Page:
However, recent financial scandals such as the Panama Papers have drawn the attention of the commission to the increased risk of tax evasion, which, under the current version of the directive, is just seen as a source of illicit funds, but not directly targeted. On 5 July 2016, the commission published a set of proposed amendments to the AMLD aimed at tackling tax evasion by both legal and natural persons. The proposals are particularly concerned with transparency

The amendments broaden the scope of the rules, by extending access to the register to the general public for companies and trusts involved in commercial or business-like activities.

In the case of non-business-type trusts access to the register is limited to members of the public with a legitimate interest. The definition of legitimate interest will be up to individual states but is clearly intended to be wide. It seems to extend to NGOs working on financial crimes and abuses, the press and investigative journalism which is alarming for those concerned with privacy. Recital 35, which is intended to clarify the meaning, says ’the legitimate interest with respect to money laundering, terrorist financing and the associated predicate offences should be justified by readily available means, such as statutes or mission statement of non-governmental organisations, or on the basis of demonstrated previous activities relevant to the fight against money laundering and terrorist financing or associated predicate offences, or a proven track record of surveys or actions in that field’.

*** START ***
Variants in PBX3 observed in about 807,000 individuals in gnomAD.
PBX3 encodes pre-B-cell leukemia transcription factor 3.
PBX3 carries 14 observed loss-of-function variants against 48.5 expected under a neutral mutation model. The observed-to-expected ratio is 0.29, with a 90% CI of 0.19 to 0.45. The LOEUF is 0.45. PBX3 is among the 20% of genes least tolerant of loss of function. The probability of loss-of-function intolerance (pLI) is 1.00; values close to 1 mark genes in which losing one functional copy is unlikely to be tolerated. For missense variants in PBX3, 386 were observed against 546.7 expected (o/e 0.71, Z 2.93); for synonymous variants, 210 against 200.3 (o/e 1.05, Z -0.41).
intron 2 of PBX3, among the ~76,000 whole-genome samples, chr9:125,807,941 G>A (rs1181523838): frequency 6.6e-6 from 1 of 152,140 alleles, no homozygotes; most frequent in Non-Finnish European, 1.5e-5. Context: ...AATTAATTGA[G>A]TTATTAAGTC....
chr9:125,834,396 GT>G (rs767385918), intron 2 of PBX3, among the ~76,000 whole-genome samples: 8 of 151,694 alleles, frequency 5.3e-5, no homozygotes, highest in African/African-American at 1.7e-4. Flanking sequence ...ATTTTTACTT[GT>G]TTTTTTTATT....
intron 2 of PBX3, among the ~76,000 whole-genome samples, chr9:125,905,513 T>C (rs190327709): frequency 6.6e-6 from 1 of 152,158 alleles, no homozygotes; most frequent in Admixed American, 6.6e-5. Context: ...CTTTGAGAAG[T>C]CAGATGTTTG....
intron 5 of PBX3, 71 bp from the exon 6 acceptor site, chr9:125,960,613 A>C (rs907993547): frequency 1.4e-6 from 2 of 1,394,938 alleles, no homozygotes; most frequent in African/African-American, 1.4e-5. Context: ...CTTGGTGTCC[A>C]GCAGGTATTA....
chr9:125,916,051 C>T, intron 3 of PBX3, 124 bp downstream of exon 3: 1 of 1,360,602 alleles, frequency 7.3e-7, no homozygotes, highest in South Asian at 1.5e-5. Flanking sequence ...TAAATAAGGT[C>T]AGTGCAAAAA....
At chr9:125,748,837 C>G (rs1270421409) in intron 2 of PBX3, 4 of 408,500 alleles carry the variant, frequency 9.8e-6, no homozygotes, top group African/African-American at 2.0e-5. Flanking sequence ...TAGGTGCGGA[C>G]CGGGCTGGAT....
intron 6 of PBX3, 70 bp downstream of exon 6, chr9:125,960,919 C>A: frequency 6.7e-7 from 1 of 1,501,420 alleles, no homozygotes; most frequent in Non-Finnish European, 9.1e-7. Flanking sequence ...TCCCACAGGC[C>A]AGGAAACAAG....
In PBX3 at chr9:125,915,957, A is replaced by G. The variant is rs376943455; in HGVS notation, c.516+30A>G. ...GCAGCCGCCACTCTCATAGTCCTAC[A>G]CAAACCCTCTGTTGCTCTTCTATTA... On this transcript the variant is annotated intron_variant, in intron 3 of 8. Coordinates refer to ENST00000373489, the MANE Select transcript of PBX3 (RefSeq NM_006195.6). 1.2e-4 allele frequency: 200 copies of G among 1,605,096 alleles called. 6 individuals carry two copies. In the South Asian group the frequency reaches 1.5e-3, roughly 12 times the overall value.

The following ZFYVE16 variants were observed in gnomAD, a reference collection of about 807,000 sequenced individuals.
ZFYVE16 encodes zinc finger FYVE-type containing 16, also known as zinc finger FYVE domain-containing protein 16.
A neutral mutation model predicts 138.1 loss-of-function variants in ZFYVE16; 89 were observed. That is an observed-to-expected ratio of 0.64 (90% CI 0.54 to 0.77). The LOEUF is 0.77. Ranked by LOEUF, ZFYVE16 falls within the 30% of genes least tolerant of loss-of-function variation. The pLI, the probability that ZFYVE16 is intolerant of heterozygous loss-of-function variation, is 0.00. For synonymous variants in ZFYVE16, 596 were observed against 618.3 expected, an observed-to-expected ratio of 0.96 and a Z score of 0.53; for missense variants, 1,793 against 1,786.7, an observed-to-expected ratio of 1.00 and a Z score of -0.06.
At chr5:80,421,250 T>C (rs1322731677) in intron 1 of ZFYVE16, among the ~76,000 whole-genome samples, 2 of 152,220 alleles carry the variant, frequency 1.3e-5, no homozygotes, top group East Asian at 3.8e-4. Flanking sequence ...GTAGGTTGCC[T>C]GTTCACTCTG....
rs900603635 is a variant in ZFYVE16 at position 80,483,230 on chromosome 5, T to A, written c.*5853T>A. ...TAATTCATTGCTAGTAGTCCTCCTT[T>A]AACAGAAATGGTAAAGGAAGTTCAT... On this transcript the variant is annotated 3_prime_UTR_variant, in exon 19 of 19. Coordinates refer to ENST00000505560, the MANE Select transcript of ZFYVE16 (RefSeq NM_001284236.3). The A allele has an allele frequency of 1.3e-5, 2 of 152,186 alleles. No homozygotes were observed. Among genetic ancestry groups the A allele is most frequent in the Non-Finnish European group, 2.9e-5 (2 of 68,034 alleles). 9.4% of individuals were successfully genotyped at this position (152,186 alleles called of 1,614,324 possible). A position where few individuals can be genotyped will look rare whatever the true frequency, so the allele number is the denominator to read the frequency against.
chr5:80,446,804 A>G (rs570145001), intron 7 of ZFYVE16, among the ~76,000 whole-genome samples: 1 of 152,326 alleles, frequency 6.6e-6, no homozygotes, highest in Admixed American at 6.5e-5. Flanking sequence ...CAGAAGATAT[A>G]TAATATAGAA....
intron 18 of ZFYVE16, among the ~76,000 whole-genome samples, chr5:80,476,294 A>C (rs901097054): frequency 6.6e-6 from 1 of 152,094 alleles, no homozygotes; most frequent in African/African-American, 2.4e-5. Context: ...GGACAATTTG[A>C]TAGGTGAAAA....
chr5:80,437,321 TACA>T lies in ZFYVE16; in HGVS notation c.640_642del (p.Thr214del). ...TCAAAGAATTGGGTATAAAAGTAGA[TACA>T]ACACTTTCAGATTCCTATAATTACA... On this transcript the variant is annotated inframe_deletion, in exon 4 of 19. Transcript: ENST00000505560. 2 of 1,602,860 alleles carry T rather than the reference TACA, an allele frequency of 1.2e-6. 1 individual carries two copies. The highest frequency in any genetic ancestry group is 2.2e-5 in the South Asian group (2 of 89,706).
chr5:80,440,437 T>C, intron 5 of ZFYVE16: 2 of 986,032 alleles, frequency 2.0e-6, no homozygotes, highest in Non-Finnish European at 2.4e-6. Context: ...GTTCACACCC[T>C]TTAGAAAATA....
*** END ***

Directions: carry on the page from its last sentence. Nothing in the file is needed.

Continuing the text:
There is a limited protection proposed for exceptional circumstances where the access would expose the beneficial owner to the risk of fraud, kidnapping, blackmail, violence or intimidation, or where the beneficial owner is a minor or otherwise incapable.

The criticism

The European data protection supervisor is an independent institution of the EU. The supervisor is responsible under Article 41.2 of Regulation 45/2001 ‘With respect to the processing of personal data… for ensuring that the fundamental rights and freedoms of natural persons, and in particular their right to privacy, are respected by the community institutions and bodies’, and ’…for advising community institutions and bodies and data subjects on all matters concerning the processing of personal data’.

His opinion on the proposals is very critical. They are described as disproportionate and as extending the purpose of 4AMLD beyond combating terrorist financing and money laundering to tax evasion. He made the point that forms of invasive personal data processing, may be acceptable in relation to anti–money laundering and fight against terrorism, but unnecessary out of those contexts. Also the expressed need for timely detection may be a crucial factor in the context of terrorism financing, but is much less relevant in the context of the fight to tax evasion. Emergency–based measures that are acceptable to tackle the risk of terrorist attacks might well be regarded as excessive when applied to prevent the risk of tax evasion. Finally, it is a fundamental principle of data protection that information gathered for one purpose (anti–terrorism) should not be used for another (tax evasion).

We can but hope that the criticisms will lead to significant amendments.